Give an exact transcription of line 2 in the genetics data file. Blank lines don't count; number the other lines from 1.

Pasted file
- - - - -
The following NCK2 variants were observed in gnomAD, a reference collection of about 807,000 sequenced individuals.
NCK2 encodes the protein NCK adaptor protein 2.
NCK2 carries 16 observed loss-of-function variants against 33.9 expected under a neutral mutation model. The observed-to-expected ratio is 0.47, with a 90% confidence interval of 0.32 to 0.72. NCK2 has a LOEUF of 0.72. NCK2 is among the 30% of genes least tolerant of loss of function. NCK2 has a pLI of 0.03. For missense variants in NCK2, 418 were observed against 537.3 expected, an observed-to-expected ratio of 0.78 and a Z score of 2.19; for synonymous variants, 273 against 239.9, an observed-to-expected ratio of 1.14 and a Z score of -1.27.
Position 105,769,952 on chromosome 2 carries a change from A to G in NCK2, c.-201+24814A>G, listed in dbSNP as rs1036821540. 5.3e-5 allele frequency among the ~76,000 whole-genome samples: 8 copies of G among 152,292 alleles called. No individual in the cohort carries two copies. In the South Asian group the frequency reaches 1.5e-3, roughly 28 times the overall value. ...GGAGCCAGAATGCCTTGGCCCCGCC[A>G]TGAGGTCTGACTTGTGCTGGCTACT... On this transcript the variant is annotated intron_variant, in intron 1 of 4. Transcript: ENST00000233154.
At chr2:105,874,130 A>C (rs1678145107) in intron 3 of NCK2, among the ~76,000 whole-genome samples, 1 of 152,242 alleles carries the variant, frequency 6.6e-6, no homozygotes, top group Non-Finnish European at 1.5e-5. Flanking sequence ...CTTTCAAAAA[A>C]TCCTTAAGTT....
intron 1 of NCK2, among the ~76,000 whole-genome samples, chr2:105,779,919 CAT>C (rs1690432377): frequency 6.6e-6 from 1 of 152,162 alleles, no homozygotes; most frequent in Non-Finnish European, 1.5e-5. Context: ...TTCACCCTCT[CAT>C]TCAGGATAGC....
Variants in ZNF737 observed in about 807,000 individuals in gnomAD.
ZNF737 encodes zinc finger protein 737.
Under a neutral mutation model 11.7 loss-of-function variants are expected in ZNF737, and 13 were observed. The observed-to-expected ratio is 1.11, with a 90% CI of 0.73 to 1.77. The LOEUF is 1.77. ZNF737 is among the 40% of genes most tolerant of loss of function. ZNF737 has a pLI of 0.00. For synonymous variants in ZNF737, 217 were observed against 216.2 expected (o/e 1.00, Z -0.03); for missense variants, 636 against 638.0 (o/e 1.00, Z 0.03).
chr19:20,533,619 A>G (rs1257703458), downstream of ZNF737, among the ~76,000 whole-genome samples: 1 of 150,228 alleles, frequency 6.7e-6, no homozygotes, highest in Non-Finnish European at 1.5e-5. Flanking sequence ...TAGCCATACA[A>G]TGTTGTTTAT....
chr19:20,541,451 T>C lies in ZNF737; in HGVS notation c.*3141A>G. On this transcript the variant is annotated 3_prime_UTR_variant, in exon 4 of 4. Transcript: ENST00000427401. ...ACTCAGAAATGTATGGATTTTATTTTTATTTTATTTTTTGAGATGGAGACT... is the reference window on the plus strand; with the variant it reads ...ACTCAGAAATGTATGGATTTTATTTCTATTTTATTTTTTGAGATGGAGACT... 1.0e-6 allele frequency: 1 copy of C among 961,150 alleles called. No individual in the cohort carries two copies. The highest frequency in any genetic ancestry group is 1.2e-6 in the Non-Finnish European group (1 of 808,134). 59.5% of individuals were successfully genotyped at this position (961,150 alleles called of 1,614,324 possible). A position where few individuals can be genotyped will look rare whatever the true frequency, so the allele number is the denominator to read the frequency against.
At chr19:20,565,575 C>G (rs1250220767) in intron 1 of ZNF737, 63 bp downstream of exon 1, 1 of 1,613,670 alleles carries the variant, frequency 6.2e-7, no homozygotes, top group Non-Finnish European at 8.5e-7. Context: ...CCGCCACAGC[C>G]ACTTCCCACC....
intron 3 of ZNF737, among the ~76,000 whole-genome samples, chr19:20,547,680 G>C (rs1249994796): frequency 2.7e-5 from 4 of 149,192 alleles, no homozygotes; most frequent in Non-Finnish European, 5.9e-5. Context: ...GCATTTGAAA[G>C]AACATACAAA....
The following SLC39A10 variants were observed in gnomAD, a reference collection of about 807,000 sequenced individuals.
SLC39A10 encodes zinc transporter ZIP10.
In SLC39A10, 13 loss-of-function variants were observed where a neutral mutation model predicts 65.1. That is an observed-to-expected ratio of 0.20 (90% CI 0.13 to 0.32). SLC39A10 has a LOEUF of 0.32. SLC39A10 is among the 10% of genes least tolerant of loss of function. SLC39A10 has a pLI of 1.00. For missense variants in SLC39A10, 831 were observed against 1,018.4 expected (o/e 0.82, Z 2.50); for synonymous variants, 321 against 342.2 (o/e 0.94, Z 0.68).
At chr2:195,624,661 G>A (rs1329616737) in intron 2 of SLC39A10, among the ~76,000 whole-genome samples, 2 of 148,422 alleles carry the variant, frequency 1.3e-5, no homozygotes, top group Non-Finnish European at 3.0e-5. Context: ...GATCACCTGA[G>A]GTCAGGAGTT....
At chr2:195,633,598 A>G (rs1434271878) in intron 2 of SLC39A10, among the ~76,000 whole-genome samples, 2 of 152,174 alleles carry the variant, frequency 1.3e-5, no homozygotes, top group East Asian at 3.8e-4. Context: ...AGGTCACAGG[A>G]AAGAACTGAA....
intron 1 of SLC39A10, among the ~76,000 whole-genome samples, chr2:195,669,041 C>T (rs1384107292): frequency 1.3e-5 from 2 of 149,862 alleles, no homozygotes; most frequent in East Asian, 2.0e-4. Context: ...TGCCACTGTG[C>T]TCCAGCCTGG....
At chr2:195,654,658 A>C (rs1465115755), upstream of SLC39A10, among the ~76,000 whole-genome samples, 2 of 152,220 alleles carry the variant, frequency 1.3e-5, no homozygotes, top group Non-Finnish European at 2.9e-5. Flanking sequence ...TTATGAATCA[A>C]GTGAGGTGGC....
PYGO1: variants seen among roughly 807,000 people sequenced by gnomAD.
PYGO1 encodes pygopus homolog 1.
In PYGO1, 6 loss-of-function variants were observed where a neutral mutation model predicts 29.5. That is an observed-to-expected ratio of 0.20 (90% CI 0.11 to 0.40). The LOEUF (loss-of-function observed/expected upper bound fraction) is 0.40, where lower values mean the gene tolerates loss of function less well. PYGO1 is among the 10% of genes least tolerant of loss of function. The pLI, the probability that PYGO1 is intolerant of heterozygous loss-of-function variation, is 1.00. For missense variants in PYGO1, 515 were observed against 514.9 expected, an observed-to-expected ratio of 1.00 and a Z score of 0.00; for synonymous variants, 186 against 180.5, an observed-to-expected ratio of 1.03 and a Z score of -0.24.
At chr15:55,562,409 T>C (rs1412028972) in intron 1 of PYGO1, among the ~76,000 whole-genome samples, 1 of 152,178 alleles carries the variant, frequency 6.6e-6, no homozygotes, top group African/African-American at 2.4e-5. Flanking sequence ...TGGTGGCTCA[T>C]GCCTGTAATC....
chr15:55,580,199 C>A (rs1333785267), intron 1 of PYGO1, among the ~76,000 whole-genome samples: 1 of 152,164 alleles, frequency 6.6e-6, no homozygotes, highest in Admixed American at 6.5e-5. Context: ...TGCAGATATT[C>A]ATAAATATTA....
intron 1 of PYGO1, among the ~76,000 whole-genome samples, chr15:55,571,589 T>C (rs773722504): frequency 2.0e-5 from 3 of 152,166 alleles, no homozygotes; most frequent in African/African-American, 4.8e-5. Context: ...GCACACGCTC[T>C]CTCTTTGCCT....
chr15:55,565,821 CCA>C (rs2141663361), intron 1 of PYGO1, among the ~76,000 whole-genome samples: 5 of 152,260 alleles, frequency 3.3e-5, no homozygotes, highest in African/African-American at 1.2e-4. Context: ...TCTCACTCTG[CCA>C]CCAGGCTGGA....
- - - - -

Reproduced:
NCK2 encodes the protein NCK adaptor protein 2.